Monday, April 25, 2005

Animal of the Week April 25, 2005 -- Nautilus

Hello Animal Freaks!
This weeks animal of the week is Nautilus pompilius (chambered nautilus). I thought it was about time we had a cephalopod is all. There are seven species of extant nautiloids today in two genera (Nautilus and Allonautilus). N pompilius is one of the more common species, but even so, little is known about these animals. During the ordovician era (510-420 million years ago) nautiloids were very common in the oceans and the species much more diverse -- some had shells up to 1ยท5 m across. Nautiloids clung on to the present day unlike their not dissimilar cousins, ammonites (the spiral-shell fossil things that crop up everywhere), but their time was passed and other cephalopods without external shells (tasty ones like squid and octopus [licks lips]) have become much more prominent. Nautiluses live only in the western pacific, swim slowly, breed slowly, and are pretty, all of which puts them in danger of exploitation. Do you remember making pinhole cameras in school, nautiluses have pinhole-camera-like eyes with no lens -- their eyes are filled with sea water.
See a Russian rock group called Nautilus pompilius

Monday, April 18, 2005

Animal of the Week April 18, 2005 -- Interspecies loving

Hello Lovelies,

This week's animal of the week is a tricky one, normally I just rattle off the latin name, put the common name in brackets after, and then launch into the informative and entertaining text about the animals. But, in a break with style, this is not about a whole species, rather it's about Kekaimalu and her un-named daughter -- the worlds only known wholphins! 19 year old Kekaimalu was born from an unholy union between a female bottle-nosed dolphin (Tursiops truncatus) and a male false killer whale (Pseudorca crassidens). Now, the saucy thing has gone and had a female calf with another bottle nosed dolphin. Typically species hybrids are infertile (mule's, for example, so rarely are able to have offspring that such an event is considered a portent of Armageddon in parts of north Africa), so no-one expected the only wholphin to be able to reproduce. The convention for naming hybrids (who knows about mule) is to combine the first part of the sire species' common name with the latter part of the dam species' common name, hence wolphin--in researching this week's animal I came across the example of li-liger (cat sired by a lion with liger dam [male lion X female tiger]), so really this new thing is a do-wolphin! Other hybrids include ligers and tigons, leguars, lijaguleps (I kid you not). Some of you may be interested in this website, which contains, among the many battles, an account of a fight between a lijagulep and a giant anteater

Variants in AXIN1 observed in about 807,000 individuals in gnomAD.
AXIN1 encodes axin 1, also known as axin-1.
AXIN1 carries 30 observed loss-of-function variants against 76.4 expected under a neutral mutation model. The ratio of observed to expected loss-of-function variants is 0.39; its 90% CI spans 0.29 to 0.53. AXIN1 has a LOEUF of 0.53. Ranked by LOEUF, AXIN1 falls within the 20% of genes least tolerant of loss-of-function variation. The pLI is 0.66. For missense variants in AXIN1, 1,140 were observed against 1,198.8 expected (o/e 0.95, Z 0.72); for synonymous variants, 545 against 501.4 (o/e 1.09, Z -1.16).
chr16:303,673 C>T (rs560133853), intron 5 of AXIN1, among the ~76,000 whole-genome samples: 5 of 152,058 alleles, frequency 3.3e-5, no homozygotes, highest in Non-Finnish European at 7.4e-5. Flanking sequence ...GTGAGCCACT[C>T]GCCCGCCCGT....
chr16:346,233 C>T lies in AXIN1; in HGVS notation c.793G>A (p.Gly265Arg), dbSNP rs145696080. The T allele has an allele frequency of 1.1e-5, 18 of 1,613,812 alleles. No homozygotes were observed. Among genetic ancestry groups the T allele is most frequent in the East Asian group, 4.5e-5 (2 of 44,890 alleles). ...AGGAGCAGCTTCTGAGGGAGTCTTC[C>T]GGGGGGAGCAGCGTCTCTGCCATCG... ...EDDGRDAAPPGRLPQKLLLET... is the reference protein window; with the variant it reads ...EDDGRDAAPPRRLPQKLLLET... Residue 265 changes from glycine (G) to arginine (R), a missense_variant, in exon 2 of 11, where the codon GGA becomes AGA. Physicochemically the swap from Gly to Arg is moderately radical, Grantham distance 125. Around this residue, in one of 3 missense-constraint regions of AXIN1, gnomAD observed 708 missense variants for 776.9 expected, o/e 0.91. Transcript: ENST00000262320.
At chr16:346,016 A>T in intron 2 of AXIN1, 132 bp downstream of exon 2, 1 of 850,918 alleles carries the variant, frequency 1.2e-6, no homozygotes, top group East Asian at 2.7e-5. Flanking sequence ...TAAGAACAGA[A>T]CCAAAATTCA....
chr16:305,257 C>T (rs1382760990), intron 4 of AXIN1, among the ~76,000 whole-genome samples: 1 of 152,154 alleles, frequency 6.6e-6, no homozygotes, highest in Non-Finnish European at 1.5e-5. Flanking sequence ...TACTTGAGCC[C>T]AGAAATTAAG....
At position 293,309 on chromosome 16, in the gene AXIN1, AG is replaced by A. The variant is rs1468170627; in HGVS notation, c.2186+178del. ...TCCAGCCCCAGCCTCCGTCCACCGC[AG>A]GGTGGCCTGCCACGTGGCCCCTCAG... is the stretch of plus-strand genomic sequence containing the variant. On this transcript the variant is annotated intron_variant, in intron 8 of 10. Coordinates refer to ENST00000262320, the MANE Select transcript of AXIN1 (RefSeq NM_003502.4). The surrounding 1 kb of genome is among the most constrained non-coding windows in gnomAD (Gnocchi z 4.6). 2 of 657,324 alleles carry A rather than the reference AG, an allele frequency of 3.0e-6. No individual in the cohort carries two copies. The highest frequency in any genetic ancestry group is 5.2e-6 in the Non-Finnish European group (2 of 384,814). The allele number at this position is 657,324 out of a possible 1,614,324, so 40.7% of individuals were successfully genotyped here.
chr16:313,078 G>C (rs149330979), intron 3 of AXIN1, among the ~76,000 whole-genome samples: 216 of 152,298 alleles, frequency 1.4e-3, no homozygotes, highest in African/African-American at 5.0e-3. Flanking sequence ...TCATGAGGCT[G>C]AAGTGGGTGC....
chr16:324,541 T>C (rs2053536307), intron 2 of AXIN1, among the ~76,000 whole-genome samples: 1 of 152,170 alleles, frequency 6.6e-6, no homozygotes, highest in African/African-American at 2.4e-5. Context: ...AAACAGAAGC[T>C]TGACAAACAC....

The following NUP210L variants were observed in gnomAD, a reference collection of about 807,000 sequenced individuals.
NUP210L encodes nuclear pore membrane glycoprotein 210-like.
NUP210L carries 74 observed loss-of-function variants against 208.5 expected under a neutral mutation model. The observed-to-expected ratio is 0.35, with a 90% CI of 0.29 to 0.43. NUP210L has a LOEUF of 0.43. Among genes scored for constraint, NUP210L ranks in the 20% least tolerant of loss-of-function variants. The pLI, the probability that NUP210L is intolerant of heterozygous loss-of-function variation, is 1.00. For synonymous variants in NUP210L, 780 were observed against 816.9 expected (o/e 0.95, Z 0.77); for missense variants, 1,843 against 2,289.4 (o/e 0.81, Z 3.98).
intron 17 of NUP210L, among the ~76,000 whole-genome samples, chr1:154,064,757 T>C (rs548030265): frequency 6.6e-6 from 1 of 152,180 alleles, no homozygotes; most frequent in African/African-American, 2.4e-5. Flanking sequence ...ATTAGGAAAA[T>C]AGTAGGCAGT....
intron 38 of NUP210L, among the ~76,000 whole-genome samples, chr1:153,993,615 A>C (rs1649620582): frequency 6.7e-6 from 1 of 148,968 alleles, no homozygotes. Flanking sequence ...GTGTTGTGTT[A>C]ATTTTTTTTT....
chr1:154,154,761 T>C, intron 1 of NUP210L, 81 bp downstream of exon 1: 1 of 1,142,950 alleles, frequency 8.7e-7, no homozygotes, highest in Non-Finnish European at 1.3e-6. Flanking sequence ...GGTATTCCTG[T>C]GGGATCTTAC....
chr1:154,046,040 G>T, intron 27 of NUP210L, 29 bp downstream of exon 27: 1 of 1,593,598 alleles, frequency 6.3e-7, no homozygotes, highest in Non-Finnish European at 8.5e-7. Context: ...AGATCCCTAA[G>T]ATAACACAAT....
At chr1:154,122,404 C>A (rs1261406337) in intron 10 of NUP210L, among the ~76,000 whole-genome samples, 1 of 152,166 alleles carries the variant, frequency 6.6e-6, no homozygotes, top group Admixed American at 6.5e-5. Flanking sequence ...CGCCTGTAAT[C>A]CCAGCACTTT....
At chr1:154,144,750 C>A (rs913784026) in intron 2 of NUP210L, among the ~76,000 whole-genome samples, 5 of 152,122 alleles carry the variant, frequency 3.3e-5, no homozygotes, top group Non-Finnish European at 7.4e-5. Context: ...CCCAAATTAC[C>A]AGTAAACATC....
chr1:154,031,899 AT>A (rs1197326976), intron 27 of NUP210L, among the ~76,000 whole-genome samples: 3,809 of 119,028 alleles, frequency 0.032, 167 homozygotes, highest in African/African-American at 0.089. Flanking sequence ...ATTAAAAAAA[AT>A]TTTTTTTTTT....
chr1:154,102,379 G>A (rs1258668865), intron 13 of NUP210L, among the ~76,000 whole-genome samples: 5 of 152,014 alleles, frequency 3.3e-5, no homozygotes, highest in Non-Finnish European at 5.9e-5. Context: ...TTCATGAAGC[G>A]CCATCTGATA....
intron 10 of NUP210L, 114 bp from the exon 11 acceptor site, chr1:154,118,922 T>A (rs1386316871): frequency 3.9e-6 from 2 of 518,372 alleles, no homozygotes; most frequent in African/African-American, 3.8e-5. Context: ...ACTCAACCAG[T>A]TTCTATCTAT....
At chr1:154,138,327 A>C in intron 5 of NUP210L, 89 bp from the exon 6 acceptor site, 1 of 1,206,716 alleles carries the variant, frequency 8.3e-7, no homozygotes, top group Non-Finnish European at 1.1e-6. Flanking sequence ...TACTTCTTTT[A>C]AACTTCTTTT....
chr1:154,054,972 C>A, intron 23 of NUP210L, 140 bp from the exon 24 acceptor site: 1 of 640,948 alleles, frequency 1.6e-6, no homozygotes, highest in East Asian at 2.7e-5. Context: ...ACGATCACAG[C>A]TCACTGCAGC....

Monday, April 11, 2005

Animal of the Week April 11, 2005 -- Charlie Bustard

Hello All, I hope this finds you well.

This week's animal of the week is Otis tarda (great bustard). Great Bustards are sometimes said to be the world's heaviest flying birds, but some people reckon that accolade goes to (insert joke re fat women on planes) the kori bustard. Whatever, at 20 kg, Otis tarda has to be up there (ostriches, I know you want to know this, weigh up to 160 kg). Now, the exciting thing for those of us who live in the UK is that they're back. After an absence of 200 years or so chicks rescued from abandoned nests in Russia (there you go, folks in Russia, a reference for you -- now email your mothers, they're worried) have been introduced to Salisbury plain. So, next time you're dancing around stone henge for some ritual or another and a great big shape blocks the sun, it might not be a plane, it's definitely not superman, it's not even an average bustard, but it might just be a great bustard. I like to think that the male in the photo is playing a game with a friend in which they each take it in turns to try and look like another animal.

Monday, April 04, 2005

Animal of the Week April 04, 2005 -- Yes, there is a stink badger

Hey Kids,
This week's animal is, believe it or not, Mydaus javanensis (Sunda stink badger). Stink badgers are just two some of the crazy sounding badgers of southeast Asia: Imagine the Formosan ferret badger or the Hog badger. Sunda stink badger's are found at high elevations on Sumatra and Java in Indonesia and Borneo in Malaysia. Stink badgers secrete a noxious smelling liquid from glands around their anuses; and their affiliation with either true badgers or skunks is hotly debated by them as debates these things. In some parts of their range they are occasionally eaten by indingenous people as a cure for fevers. Apparently they sometimes live in porcupine burrows with the porcupines...imagine that it stinks and it's full of spines. In Norwegian they are called Stinkgraevling. (apologies for the pictures both being small, but there's no way I'm not having sunda stink badger as animal of the week this week)